New WHO Regional Director pledges to do better for Africa
Director for the African Region could be one of the toughest jobs in global public health. When Dr Luis Gomes Sambo takes up the post on 1 February he faces a considerable challenge: how do you tackle the world's highest disease burden in a region where 45% of the population live on less than US$ 1 a day?
His predecessor Dr Ebrahim Samba dismissed severe criticism last August in the Lancet that he had failed to do enough to address Africa's health problems.
Dr Sambo told the Bulletin he wants to work more closely with communities, governments and regional groups, like NEPAD and the African Union. His priorities: HIV/AIDS, malaria, tuberculosis, maternal death and infant mortality. The challenge: to build and reinforce primary health systems to improve delivery of health care and to address the dire shortage of doctors, nurses and other health workers in the region.
Dr Sambo said he was optimistic that WHO would do an even better job in the region over the next five years.
Q: WHO's African office faced severe criticism in an editorial in the Lancet in August? Does WHO still have a major role to play in the region?
A: Yes, WHO Regional Office for Africa certainly has, and will continue to have a major role to play in the African Region. The region has a high burden of HIV/AIDS, malaria, tuberculosis, maternal and infant mortality, among others. Our priority will be to support countries in strengthening health systems, especially addressing inadequate human resources for health. We will also look at financing, as health services in Africa are underfunded. Several programmes with proven efficacy need to be scaled up. At local level, we will encourage the involvement of communities.
Q: What are you doing about the shortage of health workers in African countries?
A: The shortage of health workers is really grave in many countries. Without human resources, health systems cannot deliver the required health services. There is a severe brain drain in the region.
Governments and development partners are now addressing this matter more seriously and WHO is providing support to governments to develop appropriate policies and strategies.
We are also providing fellowships for countries to train and specialize staff according to their national health needs. In some cases, we are providing direct financial support.
Q: What are your main challenges?
A: We need not only more funding but also more efficient management of these funds in order to get maximum results. We need to increase dialogue and explore synergies with other health development partners and optimize the overall resources that go into health development.
We need more effort and commitment from governments to increase public expenditure on health to at least 15% of their national budgets. In the African Region, governments spend on average about 8% of their budgets on health. The average per capita expenditure is about US$ 12.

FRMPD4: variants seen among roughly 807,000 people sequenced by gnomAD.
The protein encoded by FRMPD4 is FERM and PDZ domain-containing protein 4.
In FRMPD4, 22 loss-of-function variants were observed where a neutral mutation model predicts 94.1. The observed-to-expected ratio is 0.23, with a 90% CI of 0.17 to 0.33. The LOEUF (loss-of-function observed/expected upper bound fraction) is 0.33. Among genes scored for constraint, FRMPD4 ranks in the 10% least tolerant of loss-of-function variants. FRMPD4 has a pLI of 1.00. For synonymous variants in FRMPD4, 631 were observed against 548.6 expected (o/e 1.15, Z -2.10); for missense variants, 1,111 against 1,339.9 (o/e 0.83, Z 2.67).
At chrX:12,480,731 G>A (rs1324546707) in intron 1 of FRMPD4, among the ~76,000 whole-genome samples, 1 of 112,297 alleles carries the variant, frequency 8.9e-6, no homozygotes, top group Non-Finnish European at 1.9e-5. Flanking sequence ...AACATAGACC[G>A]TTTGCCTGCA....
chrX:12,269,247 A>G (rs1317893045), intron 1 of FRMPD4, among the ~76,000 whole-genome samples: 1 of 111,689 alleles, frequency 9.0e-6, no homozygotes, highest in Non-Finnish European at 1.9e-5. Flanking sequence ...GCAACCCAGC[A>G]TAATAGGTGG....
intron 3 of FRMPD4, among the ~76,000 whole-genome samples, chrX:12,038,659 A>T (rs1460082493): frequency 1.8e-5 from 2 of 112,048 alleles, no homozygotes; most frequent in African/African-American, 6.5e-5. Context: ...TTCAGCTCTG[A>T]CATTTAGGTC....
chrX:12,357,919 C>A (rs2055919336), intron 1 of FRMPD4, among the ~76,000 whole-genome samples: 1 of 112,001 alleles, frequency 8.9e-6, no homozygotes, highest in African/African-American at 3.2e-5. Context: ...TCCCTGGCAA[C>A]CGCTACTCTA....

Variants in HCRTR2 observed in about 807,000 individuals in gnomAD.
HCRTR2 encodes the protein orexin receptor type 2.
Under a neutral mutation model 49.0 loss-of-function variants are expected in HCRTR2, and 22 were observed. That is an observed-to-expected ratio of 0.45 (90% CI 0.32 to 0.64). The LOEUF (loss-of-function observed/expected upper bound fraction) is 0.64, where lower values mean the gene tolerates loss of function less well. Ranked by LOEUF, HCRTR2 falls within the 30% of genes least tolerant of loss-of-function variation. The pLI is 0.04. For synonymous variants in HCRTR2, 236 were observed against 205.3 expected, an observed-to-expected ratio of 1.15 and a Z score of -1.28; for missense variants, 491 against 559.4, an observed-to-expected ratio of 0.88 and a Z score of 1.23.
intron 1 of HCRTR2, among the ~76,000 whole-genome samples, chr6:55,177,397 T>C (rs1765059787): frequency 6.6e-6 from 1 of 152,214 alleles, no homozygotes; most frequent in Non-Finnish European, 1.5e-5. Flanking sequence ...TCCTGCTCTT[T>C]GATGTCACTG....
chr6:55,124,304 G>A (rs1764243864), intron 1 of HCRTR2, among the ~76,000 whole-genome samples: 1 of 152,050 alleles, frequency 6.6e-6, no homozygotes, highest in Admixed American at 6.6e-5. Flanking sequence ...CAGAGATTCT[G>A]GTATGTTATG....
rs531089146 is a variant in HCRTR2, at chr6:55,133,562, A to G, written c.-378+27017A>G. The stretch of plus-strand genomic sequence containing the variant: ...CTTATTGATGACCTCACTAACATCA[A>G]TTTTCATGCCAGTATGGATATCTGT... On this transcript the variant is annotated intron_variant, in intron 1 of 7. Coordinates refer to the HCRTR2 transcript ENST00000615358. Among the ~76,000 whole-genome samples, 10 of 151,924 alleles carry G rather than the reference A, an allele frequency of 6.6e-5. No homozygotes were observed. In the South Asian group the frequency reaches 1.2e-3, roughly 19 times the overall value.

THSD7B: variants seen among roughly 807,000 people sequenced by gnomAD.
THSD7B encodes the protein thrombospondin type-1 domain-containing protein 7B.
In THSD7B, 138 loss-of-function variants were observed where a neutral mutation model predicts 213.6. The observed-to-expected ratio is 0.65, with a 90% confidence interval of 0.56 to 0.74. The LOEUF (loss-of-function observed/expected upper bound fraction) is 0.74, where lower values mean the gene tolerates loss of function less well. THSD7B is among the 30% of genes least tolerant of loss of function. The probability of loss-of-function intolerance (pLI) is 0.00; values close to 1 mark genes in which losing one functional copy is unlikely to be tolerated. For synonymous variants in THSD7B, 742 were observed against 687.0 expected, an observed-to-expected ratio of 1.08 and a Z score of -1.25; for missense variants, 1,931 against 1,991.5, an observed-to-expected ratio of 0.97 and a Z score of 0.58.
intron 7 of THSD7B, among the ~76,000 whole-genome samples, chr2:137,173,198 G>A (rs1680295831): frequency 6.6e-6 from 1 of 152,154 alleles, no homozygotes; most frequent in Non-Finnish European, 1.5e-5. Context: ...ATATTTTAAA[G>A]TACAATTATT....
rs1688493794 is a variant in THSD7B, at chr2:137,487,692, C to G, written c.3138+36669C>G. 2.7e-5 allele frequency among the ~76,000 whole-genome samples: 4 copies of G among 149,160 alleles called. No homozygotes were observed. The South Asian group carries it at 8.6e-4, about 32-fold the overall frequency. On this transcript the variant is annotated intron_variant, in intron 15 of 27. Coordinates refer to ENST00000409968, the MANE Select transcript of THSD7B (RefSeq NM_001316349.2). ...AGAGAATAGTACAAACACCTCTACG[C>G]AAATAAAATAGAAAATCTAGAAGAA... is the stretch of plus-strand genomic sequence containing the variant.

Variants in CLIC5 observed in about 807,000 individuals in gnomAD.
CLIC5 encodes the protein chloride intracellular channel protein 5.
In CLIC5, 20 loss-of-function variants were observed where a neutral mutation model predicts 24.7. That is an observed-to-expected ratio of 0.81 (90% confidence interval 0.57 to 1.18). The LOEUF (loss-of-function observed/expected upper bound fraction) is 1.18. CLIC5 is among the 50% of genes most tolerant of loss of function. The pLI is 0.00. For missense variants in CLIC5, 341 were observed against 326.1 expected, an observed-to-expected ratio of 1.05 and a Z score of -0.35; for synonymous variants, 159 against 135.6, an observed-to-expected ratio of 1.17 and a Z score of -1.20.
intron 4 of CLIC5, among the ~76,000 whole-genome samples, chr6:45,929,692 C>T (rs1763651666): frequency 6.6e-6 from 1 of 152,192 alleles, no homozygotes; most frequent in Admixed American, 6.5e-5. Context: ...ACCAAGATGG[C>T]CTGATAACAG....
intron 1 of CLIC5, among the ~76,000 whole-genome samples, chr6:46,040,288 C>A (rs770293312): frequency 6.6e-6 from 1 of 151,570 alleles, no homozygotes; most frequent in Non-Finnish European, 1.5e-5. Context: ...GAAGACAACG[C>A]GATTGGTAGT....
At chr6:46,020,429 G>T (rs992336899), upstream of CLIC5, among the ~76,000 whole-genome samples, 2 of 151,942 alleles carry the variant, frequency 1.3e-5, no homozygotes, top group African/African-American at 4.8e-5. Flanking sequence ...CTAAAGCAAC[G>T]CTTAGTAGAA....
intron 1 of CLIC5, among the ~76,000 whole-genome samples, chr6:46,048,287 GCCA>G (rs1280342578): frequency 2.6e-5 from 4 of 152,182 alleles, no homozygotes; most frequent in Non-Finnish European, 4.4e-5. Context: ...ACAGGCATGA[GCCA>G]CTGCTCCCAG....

This is far below the minimum US$ 3040 needed to deliver essential health-care services, according to WHO's Commission on Macro- economics and Health.
Q: How will you encourage governments to increase budgets, focus on primary health systems and retain professional health staff?
A: I will try to establish a more active dialogue with governments, but also with health development partners, particularly multilateral agencies, such as The World Bank, the African Development Bank, the European Union, and the Global Fund, and other public and private partnerships. We need a better coordination rather than approaching countries in fragmented way. The health MDGs (Millennium Development Goals) are already a very good way of bringing partners together to support development in Africa in a coordinated way. The New Partnership for Africa's Development (NEPAD) offers that opportunity too.
Q: What are the root causes of ill-health in Africa?
A: These are numerous: weak economic performance, very weak health systems, and poverty. It is a vicious circle. Due to a multitude of reasons ill-conceived programmes, disasters, drought, etc. economic performance in the Region has been very poor and health systems have not been able to adequately supply essential health services. Most are faced with a shortage of qualified staff; poorly maintained buildings, equipment and facilities; and in some cases shortages of medicines. The effects include reduced efficiency and service quality; less confidence in public sector facilities; low morale and high staff turnover; and poor health indicators. Poverty in Africa affects most of the population. At least 45% of Africans live on less than US$ 1 per day. These people have difficulty in getting quality health care. Some don't have any care at all, sometimes the only alternative is traditional medicine which is not enough. I am optimistic that WHO will be able to do better in this region during the next five years.